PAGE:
The Secrecy of A Boy's Life
Tobias Wolff's, "This Boy's Life", is centered on Jack Wolff's struggle to keep everything a secret and finding his true self. Jack feels his loved ones would be safe and unharmed if he kept his life in secrecy. Jack does not comprehend that keeping secrets from loved ones will cause greater pain if and when they do find out. He has no intentions of doing wrong, but it may come across that way to other people that see Jack as just another foolish child.
As a young boy, Toby Wolff traveled long and far with his beloved mother to "change [their] luck" for good (4). Toby's mother was fleeing from a "violent man" that she was afraid of (6), and Toby was also going to have a fresh start by changing his name. He felt that the name Jack "would charge [him] with some strength" (8). Though his mother did not like the thought of it, she agreed in letting Toby change his name. But under one condition: Jack had to attend daily catechism classes. After Jack's incident with Sister James during archery class, he began to feel lonely, skipped classes, and lied about being a "backbiter, stealing from [his] father, and having bad thoughts" (21, 22). Clearly, Jack just wanted to fit in, but was unsure how to. He meant to hurt no one, but to just have everyone accept him.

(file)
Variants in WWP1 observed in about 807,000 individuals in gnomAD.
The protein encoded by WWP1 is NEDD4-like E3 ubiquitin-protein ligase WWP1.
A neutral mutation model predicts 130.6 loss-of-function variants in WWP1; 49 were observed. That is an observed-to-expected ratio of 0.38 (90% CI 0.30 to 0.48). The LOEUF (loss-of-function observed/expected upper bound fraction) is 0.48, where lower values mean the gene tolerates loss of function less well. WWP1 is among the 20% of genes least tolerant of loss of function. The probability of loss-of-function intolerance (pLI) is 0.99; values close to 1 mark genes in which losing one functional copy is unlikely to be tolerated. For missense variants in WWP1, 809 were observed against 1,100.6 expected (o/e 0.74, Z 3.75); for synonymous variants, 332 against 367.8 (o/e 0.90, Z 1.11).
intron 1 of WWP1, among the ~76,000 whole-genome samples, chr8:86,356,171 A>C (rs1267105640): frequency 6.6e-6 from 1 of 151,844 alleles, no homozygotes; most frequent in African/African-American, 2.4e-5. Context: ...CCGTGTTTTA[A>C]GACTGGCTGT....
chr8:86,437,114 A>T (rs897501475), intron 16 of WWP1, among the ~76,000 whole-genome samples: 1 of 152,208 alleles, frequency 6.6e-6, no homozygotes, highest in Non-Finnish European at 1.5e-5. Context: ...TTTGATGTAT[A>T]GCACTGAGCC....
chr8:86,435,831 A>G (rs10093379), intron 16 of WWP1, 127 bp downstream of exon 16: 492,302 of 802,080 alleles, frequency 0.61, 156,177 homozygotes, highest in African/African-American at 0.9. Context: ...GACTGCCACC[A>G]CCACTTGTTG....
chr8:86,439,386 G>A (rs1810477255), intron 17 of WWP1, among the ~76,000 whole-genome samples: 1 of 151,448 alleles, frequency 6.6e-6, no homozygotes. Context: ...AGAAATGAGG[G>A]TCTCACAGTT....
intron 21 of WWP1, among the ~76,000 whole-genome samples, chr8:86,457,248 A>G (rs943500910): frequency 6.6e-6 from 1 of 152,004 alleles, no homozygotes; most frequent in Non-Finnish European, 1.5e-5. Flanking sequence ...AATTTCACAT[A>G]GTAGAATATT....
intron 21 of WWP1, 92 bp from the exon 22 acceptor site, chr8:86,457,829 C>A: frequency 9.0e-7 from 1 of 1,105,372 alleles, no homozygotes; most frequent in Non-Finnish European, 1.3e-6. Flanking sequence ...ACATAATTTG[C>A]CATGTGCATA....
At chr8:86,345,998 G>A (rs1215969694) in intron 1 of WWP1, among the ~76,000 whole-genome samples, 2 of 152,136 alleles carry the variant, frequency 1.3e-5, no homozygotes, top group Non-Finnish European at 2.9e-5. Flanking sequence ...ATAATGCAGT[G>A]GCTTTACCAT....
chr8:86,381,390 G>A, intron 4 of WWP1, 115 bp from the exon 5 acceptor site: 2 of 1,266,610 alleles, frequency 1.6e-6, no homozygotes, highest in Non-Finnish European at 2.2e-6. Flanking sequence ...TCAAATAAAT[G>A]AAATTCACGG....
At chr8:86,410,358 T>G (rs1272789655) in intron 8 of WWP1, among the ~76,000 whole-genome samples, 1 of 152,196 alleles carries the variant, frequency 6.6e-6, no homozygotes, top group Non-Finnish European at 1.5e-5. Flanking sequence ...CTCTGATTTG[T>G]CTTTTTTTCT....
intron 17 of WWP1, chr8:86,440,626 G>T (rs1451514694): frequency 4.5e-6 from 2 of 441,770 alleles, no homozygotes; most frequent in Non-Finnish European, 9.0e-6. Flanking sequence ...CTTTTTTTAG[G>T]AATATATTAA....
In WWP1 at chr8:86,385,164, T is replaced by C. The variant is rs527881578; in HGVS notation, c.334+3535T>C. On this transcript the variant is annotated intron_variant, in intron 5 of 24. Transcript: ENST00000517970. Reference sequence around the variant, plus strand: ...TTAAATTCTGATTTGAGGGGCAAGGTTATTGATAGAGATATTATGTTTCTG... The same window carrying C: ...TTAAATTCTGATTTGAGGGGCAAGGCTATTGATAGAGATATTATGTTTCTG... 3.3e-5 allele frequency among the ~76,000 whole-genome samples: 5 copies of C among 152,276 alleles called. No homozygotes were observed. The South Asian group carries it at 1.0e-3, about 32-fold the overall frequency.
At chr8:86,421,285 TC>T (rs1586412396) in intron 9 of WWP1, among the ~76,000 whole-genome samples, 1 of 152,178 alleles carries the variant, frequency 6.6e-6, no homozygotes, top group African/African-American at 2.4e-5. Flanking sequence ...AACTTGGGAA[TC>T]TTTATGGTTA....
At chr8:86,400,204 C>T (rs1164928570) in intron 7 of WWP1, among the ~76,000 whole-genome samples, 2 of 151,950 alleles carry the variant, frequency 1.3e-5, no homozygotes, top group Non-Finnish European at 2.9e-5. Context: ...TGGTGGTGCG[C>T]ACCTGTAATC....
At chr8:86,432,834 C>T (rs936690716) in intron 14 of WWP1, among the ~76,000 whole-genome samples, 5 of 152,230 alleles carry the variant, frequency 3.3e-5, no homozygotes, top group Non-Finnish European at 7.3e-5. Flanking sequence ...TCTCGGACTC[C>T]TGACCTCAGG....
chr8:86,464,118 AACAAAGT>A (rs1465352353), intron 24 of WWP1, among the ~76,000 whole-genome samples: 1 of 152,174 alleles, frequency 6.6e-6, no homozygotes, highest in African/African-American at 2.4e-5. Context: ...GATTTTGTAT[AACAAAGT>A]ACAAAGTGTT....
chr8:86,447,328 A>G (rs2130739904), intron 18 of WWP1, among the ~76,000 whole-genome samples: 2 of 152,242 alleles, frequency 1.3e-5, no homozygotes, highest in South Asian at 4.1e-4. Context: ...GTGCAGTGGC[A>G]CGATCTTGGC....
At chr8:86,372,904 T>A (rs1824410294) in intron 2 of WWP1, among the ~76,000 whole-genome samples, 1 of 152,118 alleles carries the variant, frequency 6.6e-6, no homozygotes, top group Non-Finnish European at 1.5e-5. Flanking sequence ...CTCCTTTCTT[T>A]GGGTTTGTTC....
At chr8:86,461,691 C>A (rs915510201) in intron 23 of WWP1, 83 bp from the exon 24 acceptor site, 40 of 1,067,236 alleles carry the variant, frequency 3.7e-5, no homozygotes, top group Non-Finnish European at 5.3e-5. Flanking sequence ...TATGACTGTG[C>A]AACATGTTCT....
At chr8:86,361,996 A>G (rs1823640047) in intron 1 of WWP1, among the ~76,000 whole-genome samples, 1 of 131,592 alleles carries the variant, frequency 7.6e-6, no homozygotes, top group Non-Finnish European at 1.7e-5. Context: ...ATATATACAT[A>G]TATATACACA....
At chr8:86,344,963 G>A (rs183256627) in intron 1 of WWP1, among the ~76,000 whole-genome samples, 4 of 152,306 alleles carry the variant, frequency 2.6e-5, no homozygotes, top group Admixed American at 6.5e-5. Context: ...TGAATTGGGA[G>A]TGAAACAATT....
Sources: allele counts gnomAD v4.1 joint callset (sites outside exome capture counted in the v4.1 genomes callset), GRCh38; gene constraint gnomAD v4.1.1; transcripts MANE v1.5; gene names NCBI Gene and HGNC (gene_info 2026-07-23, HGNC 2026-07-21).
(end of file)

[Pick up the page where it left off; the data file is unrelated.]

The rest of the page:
Jack was very fond of his toys, especially his Winchester .22 rifle, but his mother was completely against it. Eventually, she "caved in" and said he could only have it if "[Jack] promised never to take it out or even touch it except when she and Roy were with [Jack]" (24). Jack was only able to keep his simple promise for only a short week, then he started to clean it, polish it, and finally aimed it out the window and killed a squirrel with the deadly rifle. When his mother came home, Jack told her that there was a dead animal in the street. The two of them were both animal lovers, so she kindly picked up the limp animal and they buried it. That night, Jack "blubbered in bed,...